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Welcome to this more-or-less January edition of PedSPAM. Things have been busy around the office, as you might imagine for a pediatrician in late December. The real fun usually starts about now; based on patient flow so far this year I am predicting a rough next few months for me and my patients. This month's news is digested from Pediatric News.
An oral vaccine against rotavirus may soon be licensed and recommended by the Advisory Committee on Immunization Practices (ACIP) of the Centers for Disease Control in Atlanta. Rotavirus is the number one cause of severe diarrhea in children worldwide, is the leading cause of hospitalization for diarrheal dehydration (50,000 annually in the US), and causes thousands of deaths in young children worldwide every year. The vaccine would be given at 2, 4 and 6 months. This is a real advance and when the vaccine becomes available I will promote it aggressively, especially for children in daycare. Possible sticking points with the vaccine are post-immunization fever and the cost factor. It still sounds like a winner.
In 1994 the "Back to Sleep" program was instituted by the National Institute of Child Health and Human Development in the US to encourage parents to lay infants on the back to sleep to prevent SIDS (Sudden Infant Death Syndrome). The rate of SIDS has dropped significantly in the US - from 1.4 per 1000 live births to 0.74 deaths per 1000 live births over a period from before the new recommendations to about 1997. See sleeping position.
The CDC has changed guidelines for lead screening. Now routine screening is only advised for children who live in areas with known concentrations of older homes with lead-based paint or children on Medicaid (low socioeconomic status) are to be screened for high blood lead levels.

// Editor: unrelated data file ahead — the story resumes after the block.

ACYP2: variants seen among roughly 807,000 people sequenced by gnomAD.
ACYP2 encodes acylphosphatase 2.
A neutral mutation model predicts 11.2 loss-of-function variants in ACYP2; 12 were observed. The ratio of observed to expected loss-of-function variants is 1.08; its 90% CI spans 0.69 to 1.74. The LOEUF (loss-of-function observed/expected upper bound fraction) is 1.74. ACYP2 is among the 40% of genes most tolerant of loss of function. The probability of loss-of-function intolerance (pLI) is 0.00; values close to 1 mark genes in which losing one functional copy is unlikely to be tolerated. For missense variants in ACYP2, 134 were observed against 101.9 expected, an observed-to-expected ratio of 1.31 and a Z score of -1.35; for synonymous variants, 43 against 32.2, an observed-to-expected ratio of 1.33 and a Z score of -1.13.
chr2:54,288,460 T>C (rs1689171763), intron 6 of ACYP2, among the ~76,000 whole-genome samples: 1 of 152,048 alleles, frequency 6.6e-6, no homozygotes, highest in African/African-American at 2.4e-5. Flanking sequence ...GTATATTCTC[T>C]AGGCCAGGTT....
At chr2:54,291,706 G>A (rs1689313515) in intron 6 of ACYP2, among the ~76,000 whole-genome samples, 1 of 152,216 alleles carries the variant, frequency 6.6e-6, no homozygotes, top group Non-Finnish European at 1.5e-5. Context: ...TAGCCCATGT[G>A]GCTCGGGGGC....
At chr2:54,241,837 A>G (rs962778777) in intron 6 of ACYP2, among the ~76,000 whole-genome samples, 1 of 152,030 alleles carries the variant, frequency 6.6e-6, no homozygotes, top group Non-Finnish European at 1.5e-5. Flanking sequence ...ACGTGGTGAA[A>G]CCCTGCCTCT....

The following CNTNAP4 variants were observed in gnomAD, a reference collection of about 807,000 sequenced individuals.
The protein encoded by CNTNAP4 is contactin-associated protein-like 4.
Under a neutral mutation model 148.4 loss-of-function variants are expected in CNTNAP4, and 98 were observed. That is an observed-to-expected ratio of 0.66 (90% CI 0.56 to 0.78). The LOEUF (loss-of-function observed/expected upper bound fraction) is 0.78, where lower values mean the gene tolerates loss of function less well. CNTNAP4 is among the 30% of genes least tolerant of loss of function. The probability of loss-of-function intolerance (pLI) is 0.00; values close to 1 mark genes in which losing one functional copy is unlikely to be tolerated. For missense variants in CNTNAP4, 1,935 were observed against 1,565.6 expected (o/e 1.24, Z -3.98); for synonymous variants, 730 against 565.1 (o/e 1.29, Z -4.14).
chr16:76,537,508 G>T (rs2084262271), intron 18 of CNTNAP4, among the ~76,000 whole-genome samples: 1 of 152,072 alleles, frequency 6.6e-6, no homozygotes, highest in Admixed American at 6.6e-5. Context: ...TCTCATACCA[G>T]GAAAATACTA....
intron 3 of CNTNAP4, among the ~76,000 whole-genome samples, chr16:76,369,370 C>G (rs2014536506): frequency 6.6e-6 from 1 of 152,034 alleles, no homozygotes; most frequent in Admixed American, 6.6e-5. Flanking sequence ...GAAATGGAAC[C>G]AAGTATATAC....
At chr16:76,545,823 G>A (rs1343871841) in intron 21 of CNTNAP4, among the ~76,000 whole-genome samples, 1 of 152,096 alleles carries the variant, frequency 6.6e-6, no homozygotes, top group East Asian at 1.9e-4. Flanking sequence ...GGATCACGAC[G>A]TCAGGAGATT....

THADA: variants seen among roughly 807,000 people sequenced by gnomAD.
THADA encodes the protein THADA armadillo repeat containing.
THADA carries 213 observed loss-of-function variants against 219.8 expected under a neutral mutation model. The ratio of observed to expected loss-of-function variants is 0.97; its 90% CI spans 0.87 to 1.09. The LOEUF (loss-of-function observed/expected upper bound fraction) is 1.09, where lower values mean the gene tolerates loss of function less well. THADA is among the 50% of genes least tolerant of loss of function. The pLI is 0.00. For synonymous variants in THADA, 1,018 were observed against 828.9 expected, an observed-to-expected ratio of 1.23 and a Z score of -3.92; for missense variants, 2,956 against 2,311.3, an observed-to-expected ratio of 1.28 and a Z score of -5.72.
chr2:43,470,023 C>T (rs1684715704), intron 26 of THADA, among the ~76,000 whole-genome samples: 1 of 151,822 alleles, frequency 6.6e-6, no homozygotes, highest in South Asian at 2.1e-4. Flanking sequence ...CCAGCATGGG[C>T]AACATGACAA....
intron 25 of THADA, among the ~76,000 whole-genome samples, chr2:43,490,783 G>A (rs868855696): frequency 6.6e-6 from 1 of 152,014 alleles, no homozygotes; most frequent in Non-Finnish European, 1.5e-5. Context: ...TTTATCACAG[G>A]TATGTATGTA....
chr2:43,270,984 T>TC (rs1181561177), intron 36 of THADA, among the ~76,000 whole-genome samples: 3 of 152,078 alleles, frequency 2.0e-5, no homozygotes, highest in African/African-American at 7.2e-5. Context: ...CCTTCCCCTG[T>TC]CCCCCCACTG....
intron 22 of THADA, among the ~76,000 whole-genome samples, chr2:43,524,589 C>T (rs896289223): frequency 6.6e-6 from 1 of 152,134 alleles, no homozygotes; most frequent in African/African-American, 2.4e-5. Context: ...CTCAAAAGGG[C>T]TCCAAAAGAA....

According to the CDC, twenty percent of America's children are exposed to tobacco smoke in the home. Ugh.
Research is proceeding with encouraging data towards a vaccine against Group B streptococcal disease in newborns. This is a potentially devastating illness involving often overwhelming infection, meningitis, brain dameage or death in newborns in the first six weeks or so of life. A vaccine that would be given to pregnant women at 28-32 weeks gestation is under development with encouraging results.
An ordinary chewing gum containing xylitol, a simple sugar, has been shown to be effective in preventing ear infections in children. The gum was studied in Finland in day care centers, and was shown to reduce otitis media attacks by 40 per cent in the treatment group. The sugar works also when given as a syrup or a lozenge, but the gum method produced the greatest reduction in infections. The sugar works by somehow inhibiting the ability of bacteria to attach themselves to the mucous membranes and by directly inhibiting the metabolism of the most common cause of bacterial otitis media. Xylitol gum is already on the market in the US, since it is a food, not a drug. I do not know the trade name of the gum but will post it when I find out.
Helicobacter pylori is the bacterial germ responsible for most ulcer disease in humans. We have treated this infection in the past with two or three weeks of triple or quadruple drug therapy... hard to do reliably in anyone and especially kids. Now a study in Ireland has shown that just 7 days of treatment with plain old Pepto Bismol®, clarithromycin (Biaxin®, an antibiotic), and metronidazole (another antibiotic) is as effective as longer regimens. Beats three weeks, especially with the metronidazole - bitter stuff.